In Adult Social Services you are proposing to cut a massive £14 million from the services you provide to elderly and disabled people. Councillors will be aware that in a recent survey commissioned by the disability charity Scope, which assessed the impact of local authority cuts to services for disabled children and adults, North Somerset came out 7th from bottom out of 152 local authorities. Your budget also contains proposals to cut the services you provide to people suffering domestic abuse, services to prevent anti-social behaviour, reoffending, and homelessness – all of which will have huge impacts for some of our most vulnerable and disadvantaged citizens, and will also have a significant impact on the council’s ability to meet its equalities duties.

In Children and Young People’s Services you are considering another massive cut of £12 million, involving a complete reorganisation of integrated services, which will see work focused on only 300 families, with little or no early intervention and preventative work being undertaken, and which also includes a reduction in the numbers of already overworked social workers, and downgradings of almost exclusively female admin staff. In addition you are planning a complete decimation of our youth service, only a few months after we saw the country engulfed by riots. Children and young people are our future – but their life chances are being badly affected by the public spending cuts, and this, as the recession of the 1980s has taught us, will come back to haunt us in future years.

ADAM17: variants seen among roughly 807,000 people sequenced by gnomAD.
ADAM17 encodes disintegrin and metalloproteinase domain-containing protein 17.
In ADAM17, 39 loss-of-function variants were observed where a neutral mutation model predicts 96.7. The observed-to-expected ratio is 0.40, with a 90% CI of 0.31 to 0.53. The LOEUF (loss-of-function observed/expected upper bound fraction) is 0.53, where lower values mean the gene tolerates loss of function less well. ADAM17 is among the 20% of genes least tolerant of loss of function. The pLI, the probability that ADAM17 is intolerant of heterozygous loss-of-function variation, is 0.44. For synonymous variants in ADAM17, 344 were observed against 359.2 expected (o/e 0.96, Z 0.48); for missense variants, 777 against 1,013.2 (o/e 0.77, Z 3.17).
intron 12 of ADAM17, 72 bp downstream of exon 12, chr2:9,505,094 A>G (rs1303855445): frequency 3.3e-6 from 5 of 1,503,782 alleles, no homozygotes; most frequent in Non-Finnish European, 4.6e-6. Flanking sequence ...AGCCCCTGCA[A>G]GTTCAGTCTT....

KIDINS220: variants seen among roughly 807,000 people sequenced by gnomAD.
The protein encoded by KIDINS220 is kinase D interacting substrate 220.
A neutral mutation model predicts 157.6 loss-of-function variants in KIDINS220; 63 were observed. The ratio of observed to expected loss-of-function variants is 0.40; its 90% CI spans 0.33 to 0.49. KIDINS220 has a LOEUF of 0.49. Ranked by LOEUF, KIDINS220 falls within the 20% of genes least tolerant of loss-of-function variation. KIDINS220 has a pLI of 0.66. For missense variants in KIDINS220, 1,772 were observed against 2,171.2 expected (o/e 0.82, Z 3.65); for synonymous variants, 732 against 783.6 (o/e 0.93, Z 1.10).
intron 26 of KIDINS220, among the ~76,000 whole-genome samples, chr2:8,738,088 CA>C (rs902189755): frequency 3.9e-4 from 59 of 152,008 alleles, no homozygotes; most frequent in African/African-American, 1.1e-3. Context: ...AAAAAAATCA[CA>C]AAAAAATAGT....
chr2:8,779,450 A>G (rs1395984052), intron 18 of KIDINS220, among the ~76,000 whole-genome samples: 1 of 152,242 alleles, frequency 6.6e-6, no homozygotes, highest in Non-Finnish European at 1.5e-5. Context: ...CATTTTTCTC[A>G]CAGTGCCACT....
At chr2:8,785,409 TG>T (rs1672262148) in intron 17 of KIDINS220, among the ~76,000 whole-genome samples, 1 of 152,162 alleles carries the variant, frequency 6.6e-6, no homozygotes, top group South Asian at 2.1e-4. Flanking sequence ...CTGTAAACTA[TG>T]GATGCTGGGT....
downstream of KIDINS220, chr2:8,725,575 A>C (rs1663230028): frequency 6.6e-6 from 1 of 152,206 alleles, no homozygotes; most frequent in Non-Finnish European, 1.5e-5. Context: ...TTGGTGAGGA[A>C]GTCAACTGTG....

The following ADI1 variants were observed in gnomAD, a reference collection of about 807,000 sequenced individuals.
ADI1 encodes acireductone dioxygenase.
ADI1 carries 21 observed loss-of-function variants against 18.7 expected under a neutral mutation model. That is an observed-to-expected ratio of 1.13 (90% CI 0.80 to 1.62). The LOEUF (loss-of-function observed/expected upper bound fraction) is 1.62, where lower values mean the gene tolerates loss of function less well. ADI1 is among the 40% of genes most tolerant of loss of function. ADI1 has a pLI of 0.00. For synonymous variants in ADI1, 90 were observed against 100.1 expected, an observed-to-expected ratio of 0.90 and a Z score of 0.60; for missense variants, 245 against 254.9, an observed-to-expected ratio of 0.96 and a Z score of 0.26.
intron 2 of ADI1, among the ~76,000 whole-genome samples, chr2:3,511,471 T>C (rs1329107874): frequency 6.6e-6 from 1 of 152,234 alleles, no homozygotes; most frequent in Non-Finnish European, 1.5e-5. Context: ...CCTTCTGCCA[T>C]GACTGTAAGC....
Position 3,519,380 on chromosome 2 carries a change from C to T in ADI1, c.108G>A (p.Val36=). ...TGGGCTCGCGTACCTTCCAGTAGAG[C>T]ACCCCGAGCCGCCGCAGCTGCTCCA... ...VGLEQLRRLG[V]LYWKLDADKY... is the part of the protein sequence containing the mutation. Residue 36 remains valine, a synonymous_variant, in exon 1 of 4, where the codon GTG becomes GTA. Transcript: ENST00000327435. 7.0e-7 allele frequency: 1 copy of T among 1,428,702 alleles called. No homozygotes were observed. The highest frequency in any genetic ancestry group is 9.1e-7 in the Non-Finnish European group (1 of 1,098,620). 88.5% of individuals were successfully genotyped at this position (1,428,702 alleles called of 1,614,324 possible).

As a trade union we are of course concerned by the proposed staffing cuts, which will not only impact on the council’s ability to deliver services, but will also have major equalities impacts because over two thirds of council employees are women, and many are part-time and low paid. In addition the economic impact of public sector job cuts is already taking its toll, with Weston super Mare seeing the 14th largest increase in unemployment in the country. A 25% reduction to the workforce of the council, which is still the district’s largest local employer, will have further serious implications for the local economy.

Over the next few months, up until when you set the budget on 21st February, you will have to decide whether your budget proposals also include enough concrete actions to mitigate the impact of the cuts, or whether you will need to use all or some of your reserves and contingency to lessen their impact, or indeed whether the proposals contain such serious equalities impacts that the legal duties imposed on you mean you cannot implement these cuts. We firmly believe that if you go ahead and implement many of the proposals in this plan then the worst case scenario is that people will die, while the best case scenario is that people will take legal action against the council, as they have done in Birmingham and more recently the Isle of Wight.